UPDATE: Few weeks remain on Allegheny County Health Department public-comment period for Lawrenceville facility | Blogh

UPDATE: Few weeks remain on Allegheny County Health Department public-comment period for Lawrenceville facility

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PHOTO BY LAUREN DALEY
  • Photo by Lauren Daley


The Allegheny County Health Department is accepting input from the public until mid-April regarding an operating permit it will issue to the McConway & Torley LLC steel foundry in Lawrenceville.

"We expect to get a lot of comments from citizens, environmental groups and the company as well," says Jim Thompson, deputy director of the health department. "We will consider all of the comments and then decide how we need to resolve them. When we issue the permit, we will issue a comment response."

The health department's comment response to a previous permit issued to the facility in 2010 can be seen here.

M&T creates steel castings for the railroad industry, which are mainly composed of chromium, manganese, nickel and silicon.

The health department regulates the facility, which is technically considered a "synthetic minor source" of pollution. Thompson says that means the facility has the potential to be a major polluter, but restricts its production to keep pollutant levels lower. The draft permit for M&T's foundry in Lawrenceville states a production limit of 21,500 tons of steel per year.

"The current limit is higher, somewhere around 90,000 tons of steel melted," says Joe Osbourne, legal director at the local air-quality watchdog organization Group Against Smog and Pollution (GASP). "At its current permitted production levels, given the way the ACHD is now calculating emissions, the plant would be a major source [of pollution], and would be operating without a major source permit. We want the plant’s maximum emissions to be under the major source threshold as the law requires.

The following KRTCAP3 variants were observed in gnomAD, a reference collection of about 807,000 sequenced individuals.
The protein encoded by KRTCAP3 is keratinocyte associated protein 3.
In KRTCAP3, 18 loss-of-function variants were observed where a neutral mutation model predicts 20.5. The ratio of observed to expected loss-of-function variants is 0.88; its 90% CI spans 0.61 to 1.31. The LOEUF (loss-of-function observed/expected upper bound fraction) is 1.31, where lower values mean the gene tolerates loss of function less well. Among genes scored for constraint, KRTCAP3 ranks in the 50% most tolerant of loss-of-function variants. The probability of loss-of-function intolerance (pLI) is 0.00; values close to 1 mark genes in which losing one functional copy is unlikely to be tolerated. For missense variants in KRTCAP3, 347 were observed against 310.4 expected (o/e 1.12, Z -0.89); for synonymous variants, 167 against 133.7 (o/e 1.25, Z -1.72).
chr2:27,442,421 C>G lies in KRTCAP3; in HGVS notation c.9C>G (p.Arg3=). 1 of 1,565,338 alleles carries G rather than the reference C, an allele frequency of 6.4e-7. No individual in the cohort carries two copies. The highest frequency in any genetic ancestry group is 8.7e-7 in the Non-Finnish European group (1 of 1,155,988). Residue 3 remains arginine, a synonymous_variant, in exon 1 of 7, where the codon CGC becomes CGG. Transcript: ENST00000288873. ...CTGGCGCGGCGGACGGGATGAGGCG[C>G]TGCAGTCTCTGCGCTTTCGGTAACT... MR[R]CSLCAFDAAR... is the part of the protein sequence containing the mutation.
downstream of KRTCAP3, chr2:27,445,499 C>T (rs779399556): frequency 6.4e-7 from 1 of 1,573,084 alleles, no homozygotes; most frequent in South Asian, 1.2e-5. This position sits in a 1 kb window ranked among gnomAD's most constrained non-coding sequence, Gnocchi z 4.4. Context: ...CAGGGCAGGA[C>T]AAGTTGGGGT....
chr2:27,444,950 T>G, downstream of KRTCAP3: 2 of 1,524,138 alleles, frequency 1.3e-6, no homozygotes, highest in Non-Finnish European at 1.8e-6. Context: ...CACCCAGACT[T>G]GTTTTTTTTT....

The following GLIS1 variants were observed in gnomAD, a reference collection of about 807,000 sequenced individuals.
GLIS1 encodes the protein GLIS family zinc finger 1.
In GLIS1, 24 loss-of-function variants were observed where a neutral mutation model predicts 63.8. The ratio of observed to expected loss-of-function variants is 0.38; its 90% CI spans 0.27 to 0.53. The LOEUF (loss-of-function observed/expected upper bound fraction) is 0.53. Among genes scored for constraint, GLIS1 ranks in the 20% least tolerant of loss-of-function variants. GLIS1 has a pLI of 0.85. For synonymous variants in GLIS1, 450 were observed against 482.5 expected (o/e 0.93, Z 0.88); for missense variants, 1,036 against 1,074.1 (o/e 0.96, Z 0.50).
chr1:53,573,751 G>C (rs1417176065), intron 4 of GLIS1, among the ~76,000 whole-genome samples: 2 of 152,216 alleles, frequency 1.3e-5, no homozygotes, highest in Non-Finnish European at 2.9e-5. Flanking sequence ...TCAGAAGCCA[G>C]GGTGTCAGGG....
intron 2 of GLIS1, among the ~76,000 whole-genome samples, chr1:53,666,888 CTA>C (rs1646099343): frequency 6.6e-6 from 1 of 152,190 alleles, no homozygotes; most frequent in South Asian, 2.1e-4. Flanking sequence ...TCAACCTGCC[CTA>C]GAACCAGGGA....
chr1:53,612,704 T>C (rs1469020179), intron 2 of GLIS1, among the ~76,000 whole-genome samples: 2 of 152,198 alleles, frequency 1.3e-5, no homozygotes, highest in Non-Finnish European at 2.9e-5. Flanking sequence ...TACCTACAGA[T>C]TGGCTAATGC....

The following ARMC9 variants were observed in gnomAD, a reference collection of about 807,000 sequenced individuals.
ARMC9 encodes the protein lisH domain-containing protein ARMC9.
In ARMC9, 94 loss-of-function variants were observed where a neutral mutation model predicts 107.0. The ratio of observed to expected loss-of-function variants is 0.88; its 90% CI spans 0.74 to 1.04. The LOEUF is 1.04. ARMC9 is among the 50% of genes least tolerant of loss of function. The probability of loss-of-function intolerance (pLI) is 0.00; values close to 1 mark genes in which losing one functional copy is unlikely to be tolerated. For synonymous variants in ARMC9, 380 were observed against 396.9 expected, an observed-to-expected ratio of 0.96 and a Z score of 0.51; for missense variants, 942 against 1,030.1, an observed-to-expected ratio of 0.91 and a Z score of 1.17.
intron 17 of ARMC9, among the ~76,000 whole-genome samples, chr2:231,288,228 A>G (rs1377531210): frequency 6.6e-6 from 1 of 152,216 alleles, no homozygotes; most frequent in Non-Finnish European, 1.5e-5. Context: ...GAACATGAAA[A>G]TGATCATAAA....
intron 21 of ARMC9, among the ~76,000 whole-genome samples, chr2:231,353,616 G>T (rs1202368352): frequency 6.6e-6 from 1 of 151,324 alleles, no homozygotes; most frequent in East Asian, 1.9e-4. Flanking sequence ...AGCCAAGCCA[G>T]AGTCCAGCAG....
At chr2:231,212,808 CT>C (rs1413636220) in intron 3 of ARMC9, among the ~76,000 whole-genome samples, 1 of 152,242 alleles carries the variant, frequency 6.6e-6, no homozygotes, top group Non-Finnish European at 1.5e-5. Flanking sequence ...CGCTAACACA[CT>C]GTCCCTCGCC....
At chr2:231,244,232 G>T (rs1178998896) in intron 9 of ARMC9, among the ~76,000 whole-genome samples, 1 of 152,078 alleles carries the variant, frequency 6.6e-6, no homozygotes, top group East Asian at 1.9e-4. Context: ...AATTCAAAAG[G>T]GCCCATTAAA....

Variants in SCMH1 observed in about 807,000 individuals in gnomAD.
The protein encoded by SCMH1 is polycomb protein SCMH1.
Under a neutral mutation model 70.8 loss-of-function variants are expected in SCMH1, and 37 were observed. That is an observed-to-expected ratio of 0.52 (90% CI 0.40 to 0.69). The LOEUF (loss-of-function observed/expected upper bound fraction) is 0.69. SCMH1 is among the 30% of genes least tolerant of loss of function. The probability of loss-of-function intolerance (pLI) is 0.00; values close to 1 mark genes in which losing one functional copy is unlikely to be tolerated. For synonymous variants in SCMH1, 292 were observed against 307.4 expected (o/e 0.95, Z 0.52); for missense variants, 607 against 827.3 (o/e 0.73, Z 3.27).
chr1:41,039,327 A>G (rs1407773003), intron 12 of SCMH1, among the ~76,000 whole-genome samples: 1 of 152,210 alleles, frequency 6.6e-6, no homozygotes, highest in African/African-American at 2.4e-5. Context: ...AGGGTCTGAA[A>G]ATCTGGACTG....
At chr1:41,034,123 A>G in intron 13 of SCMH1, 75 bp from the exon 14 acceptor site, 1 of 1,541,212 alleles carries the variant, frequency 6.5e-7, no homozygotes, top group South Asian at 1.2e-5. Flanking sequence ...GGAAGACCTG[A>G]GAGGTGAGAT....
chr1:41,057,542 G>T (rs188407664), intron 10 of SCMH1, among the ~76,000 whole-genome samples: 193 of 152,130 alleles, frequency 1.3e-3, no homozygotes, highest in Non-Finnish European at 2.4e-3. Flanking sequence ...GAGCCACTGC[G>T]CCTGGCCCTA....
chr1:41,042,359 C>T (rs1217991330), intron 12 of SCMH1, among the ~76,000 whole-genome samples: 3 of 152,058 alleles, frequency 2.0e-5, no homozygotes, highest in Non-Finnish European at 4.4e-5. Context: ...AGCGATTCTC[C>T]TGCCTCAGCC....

A significant amount of pollutants from M&T are considered "fugitive emissions," Thompson says, meaning that these type of emissions aren't directed to one place — for example, a smoke stack. Instead, Thompson says, they may "waft out of the building."

"In the past what people have commented on are emissions of heavy metals that are coming from the plant — manganese, lead and chromium," Thomspon says. "That's why in one of their installation permits we put in there as a condition to build, they had to monitor those concentrations of heavy metals at the plant." 

The monitor is located next to the facility and the results — listed as the Lawrenceville Toxic Metals Study — are reported on the health department website's air quality page. The most recent update shows levels from December-January. 

According to the monitor data, the heavy metal manganese being measured from the plant exceeds the Environmental Protection Agency's Integrated Risk Information System (IRIS) by more than 50 percent. The IRIS tool is basically a measurement of the concentrations of a substance that it would take to effect human health; the EPA measures manganese because of its risk of possible neurological effects.

"The particulate-matter emissions from the plant are significant, but perhaps more worrying are the heavy metal emissions, particularly manganese," says Osbourne. "The bottom line is that when levels are consistently present that are higher than that [IRIS] value, there’s cause for concern. Manganese is a neuro-toxin, so it can cause a variety of neurological problems, reduced IQ, slowed reaction time and so on." 

In 2011, GASP raised concerns about emissions of heavy metals from the plant and appealed a permit granted by the health department. City Paper reported on an agreement reached later that year between M&T and the GASP in which the company agreed to reduce dust and fumes exiting the facility.

GASP held a public meeting earlier this month to educate the public about participating in this latest permit process for the foundry. 

"We have heard about a lot of complaints from people who live near the plant about odors," says Osbourne.  "Given that, along with where it’s located [in a residential area] and what we’re seeing from the monitored data, we just thought that members of the community ought to have information about how to comment." 

McConway & Torley did not respond to phone calls.

The health department will close the public-comment period on April 14 when it will hold a public hearing at 6 p.m. Oral testimony must be scheduled ahead of time.

Updated 3/27/2015.

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